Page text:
When she heard the door open, Amy sat up from where she had been lying on the couch. "Oh, good," she said, lying back down. "Can we go home now?"
"Yes, pretty soon. Just let me talk to Dad."
"He's asleep in there," she said, pointing to the bedroom door. "Lucky him."
I didn't need her to tell me that, however, because Dad still snored like a muffler with a hole in it. "You couldn't have slept with that racket anyway," I said.
"Wanna bet?" She smiled faintly, but she looked pretty rough.
"Hey, Dad. Wake up," I said, knocking loudly on the door when I went in. He had pushed all the disheveled junk from his earlier book search onto the floor and was sound asleep, face down and fully dressed, boot and all, on top of tousled covers. "Dad," I yelled, grabbing a boot that was hanging off the side of the bed and shaking it roughly.
The snoring stopped. "What?" he asked, not moving a muscle.
"Get up. I need to talk to you before I go."
"Right," he said. "One sec."
I was starving, so I walked out to the kitchen to get a snack. The towel that had formerly contained the ham was on the counter, but there was no ham to be found. I tore off a piece of the dark, dry bread and took a bite.
"I don't like that bread," said Amy.
"And it's a good thing," Dad growled, stomping loudly from the bedroom, "or it would all be gone."
"The food here doesn't fill you up," she said, defensively.
"Well, not YOU anyway," said Dad. "It fills me up just fine if some little girl doesn't come along and eat it all." He walked into the kitchen and poured a little of the now lukewarm coffee.
"You're a mean old man," she scowled. I could tell she liked him.
"Pleased to meet you," he replied.
"The food here isn't very satisfying for us," I told her, "but it's better than nothing."
"Well, son, what did you find out?" He plopped down in the kitchen chair in front of the still-opened Glory Dawn book on the table.
"She's not here," I said. "Her list has her parents, her husband and, interestingly enough, a cousin named..." I fumbled in my pockets for the paper on which I had written the name, "...Romeo di Marti."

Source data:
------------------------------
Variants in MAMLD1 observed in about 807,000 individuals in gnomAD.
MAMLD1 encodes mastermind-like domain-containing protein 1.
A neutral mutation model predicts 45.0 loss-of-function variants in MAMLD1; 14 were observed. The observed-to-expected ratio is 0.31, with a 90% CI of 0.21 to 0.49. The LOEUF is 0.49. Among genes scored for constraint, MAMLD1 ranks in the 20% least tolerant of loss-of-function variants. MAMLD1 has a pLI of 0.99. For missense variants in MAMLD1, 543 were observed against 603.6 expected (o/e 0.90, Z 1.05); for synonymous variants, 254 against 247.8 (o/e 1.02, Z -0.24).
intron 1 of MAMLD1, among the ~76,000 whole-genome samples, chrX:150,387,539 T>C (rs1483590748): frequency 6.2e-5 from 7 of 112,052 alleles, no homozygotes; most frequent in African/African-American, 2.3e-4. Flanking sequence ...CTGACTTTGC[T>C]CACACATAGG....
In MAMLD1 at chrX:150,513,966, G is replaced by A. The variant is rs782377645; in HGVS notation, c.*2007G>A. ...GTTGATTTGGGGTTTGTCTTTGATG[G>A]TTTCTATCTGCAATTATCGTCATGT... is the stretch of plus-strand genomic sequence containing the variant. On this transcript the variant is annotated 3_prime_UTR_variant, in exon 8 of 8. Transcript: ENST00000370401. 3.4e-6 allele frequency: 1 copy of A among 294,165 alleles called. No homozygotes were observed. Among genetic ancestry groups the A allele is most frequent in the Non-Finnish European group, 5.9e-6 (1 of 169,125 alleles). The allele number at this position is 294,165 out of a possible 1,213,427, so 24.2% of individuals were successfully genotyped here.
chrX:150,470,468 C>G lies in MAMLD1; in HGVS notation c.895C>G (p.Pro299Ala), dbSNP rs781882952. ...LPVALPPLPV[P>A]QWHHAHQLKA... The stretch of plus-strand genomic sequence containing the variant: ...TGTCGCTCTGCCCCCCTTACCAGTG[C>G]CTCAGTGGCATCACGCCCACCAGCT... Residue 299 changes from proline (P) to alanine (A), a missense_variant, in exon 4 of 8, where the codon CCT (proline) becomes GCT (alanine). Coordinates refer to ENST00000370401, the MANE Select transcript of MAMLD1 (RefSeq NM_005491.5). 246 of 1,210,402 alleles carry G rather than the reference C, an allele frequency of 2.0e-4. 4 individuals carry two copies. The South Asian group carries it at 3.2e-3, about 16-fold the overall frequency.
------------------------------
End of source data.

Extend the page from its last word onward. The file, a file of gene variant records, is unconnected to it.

"Why is that interesting?" asked Dad.
"Because, he just got here a few days ago."
"Hmmm." said Dad.
"I know. Maybe nothing, but still..."
"Do you know a cousin Romeo di Marti, Miss Amy?" asked Dad.
"No. I don't have any cousins," she answered.
"He might be a cousin of your mother," he said. "Ever heard of him?"
"Hmmm." Dad fell silent for a minute, and then yawned with a huge stretch. "Well, Simon," he said, "what have we learned?"
"Not much," I said. "We know we might be dealing with a Fate. We know Darla isn't here yet. Can you check out this Romeo di Marti guy?"
"I'll see if I can find him," said Dad. "It couldn't hurt."
"Right. And now, Amy..." I started. I was interrupted, however, by a knock on the door. Dad frowned and I got nervous. Amy sat up on the couch. "Are you expecting anyone?" I asked. Dad shook his head no.
"David, are you there?" came a familiar voice from the other side of the door.
"That sounds like the Sheriff," said Amy.
"That is the Sheriff," said Dad. "He's okay, Simon. Let him in."
It made me nervous, but I walked over to the door and opened it. "Hello, Sheriff Mercury," I said, with a smile.
"Well, this answers my first question," said the Sheriff with his huge smile. "Simon Sayer. I thought you two might know each other."
"Simon is my son, Farrokh," said Dad.
"I see. Well, any son of your's is a friend of mine, David," he replied rather formally.
"How can I help you today?" said Dad.
"May I come in, then?" the Sheriff asked, looking at me. I realized I was blocking his way.
"Oh, sorry," I said. "I'm a little tired and stupid. Come on in." I stepped out of his way and he brushed quickly by me.
"And here is Lady Amy," he said animatedly, seeing her on the couch. "You look like you need to go home, my dear." He sat beside her on the couch. "I'm afraid my town isn't very fun for you."
"I'm just tired," she said, managing a smile. "We're about to leave now."
"You've finished your business then," he asked, turning to look at me.
"As much as I can," I answered, closing the door and walking into the kitchen to sit at the table.
"Yeah, tell me Sheriff," said Dad, picking up the scratch paper from where I had laid it on the table, "how would I find a Romeo di Marti?"
"Di Marti? He's new. He's still over in the Welcome Housing."
"Do you know everyone here?" asked Amy. "How can you keep track of it all?"
"I'm the Sheriff," he replied. "It's my job to know who and what and why in my own town."
"Seems like a lot to remember," she said.
"Well, we have our little tricks," he answered, patting her lightly on the hand. "If you want to meet Romeo that would be perfect," he continued , turning back to Dad, "because I need you to make a little trip over to the Welcome Center for me."
"Why?" asked Dad.
"Should we talk later?"
"No, no. You can talk in front of Simon," said Dad.
"Well, there's a new arrival I need you to settle in. It's a personal favor," he said.
"I'd be happy to, but why me?"
"Well, it's not for me," the Sheriff explained. "It's for Wayne."
"Sheriff Wayne?" I asked.
"Yes," he replied. "It's his son."
"Oh," said Dad. "Damn. He should be here."
"Where is Sheriff Wayne?" I asked. Sheriff Mercury glanced at Dad questioningly.
"Never mind, Simon," Dad replied. "He's just not around right now. Of course, I'll go right away," Dad answered the Sheriff. "Anything for Wayne."
"I knew you would, of course," said the Sheriff.
"What's his name and where is he?" asked Dad.
"His name is Al Hall. He's just arrived this evening, so he's still with the greeters."